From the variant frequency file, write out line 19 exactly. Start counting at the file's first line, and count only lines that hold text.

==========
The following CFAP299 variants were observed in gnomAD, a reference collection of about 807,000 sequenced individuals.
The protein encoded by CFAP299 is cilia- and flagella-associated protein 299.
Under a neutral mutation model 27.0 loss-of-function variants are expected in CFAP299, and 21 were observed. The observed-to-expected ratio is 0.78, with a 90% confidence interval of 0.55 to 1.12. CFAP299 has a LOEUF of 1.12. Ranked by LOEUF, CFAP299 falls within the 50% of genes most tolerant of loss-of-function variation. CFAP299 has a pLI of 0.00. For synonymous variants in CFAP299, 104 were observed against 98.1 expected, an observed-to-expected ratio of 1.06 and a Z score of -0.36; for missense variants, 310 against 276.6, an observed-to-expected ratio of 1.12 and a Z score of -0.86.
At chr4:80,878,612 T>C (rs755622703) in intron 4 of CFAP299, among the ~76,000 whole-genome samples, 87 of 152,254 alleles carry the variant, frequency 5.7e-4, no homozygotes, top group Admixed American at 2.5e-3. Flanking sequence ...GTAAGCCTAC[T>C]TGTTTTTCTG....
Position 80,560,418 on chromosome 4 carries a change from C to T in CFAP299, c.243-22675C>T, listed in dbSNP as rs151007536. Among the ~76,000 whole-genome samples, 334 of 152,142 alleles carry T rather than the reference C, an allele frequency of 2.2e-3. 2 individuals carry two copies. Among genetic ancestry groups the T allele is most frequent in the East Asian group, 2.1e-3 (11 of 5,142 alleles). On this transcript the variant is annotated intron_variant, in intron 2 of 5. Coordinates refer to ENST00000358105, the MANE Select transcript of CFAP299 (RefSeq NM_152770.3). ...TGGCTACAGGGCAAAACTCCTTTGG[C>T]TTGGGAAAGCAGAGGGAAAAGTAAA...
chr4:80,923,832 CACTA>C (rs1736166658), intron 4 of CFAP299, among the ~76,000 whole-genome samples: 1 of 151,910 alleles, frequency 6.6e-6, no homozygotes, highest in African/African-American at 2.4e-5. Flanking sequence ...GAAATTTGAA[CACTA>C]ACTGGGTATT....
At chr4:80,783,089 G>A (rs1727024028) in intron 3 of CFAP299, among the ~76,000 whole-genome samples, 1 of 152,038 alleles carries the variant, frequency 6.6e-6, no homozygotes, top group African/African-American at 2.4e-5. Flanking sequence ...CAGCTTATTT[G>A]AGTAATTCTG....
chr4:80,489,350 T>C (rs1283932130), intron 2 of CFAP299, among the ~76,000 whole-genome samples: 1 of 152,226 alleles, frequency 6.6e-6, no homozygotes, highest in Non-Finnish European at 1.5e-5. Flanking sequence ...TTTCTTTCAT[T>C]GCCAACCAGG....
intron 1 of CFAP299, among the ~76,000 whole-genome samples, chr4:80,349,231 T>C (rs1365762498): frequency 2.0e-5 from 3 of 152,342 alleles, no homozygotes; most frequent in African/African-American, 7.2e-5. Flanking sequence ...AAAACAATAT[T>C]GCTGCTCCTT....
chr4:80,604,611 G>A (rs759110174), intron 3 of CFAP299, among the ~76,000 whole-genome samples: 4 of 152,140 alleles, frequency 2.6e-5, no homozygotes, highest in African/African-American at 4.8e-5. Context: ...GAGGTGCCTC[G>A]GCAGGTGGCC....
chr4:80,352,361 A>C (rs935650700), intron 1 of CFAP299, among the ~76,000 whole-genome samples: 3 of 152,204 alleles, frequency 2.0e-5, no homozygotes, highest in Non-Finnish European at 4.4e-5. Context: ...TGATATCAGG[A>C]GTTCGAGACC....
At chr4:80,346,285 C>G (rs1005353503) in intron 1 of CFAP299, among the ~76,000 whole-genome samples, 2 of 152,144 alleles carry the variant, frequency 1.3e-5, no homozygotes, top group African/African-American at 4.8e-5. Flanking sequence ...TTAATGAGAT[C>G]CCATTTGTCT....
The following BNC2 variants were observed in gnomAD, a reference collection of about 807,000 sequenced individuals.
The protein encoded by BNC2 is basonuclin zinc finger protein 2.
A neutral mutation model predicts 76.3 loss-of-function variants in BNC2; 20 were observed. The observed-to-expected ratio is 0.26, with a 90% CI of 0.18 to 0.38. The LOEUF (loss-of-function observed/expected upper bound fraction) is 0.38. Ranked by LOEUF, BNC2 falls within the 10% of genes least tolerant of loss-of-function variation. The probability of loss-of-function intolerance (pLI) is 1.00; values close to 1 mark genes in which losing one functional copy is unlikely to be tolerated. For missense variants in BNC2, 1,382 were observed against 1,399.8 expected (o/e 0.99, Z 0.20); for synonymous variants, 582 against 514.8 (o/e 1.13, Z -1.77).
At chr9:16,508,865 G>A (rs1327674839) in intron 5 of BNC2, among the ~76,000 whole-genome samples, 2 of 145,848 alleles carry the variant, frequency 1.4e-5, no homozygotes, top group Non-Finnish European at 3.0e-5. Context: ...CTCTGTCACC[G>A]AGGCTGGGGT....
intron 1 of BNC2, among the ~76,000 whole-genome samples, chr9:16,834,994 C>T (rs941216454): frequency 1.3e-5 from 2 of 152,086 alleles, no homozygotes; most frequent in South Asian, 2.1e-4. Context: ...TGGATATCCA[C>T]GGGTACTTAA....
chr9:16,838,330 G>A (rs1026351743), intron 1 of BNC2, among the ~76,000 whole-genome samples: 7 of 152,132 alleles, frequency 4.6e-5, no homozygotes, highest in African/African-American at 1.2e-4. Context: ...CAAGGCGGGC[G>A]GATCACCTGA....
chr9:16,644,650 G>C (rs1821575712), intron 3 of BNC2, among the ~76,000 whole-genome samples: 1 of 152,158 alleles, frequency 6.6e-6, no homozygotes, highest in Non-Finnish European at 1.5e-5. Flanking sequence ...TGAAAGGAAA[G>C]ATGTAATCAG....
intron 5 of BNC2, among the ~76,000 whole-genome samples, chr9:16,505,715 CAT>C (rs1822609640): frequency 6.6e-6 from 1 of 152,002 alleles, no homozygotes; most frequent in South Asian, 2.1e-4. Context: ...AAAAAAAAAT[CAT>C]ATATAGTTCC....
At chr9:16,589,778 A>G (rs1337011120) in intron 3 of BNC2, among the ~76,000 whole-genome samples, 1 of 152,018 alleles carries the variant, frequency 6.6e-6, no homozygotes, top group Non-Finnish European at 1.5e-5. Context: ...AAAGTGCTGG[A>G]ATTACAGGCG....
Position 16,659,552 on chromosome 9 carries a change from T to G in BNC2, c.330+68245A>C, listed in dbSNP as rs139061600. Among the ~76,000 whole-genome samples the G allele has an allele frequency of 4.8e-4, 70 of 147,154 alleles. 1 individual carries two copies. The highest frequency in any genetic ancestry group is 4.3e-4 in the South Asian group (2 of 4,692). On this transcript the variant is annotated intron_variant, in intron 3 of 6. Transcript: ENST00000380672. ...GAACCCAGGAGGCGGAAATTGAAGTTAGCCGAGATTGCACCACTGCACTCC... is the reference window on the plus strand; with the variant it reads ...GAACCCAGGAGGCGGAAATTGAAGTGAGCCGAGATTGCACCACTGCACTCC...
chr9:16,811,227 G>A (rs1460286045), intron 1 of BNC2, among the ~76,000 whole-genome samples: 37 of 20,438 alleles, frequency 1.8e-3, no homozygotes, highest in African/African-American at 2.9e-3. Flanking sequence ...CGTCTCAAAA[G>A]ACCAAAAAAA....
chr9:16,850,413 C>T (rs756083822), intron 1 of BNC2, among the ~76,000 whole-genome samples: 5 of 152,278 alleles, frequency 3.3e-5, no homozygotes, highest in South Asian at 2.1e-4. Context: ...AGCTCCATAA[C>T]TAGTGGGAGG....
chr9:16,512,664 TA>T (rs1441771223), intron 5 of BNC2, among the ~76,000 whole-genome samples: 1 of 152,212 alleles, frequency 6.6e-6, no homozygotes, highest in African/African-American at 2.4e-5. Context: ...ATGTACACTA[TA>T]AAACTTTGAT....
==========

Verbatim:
chr9:16,644,650 G>C (rs1821575712), intron 3 of BNC2, among the ~76,000 whole-genome samples: 1 of 152,158 alleles, frequency 6.6e-6, no homozygotes, highest in Non-Finnish European at 1.5e-5. Flanking sequence ...TGAAAGGAAA[G>C]ATGTAATCAG....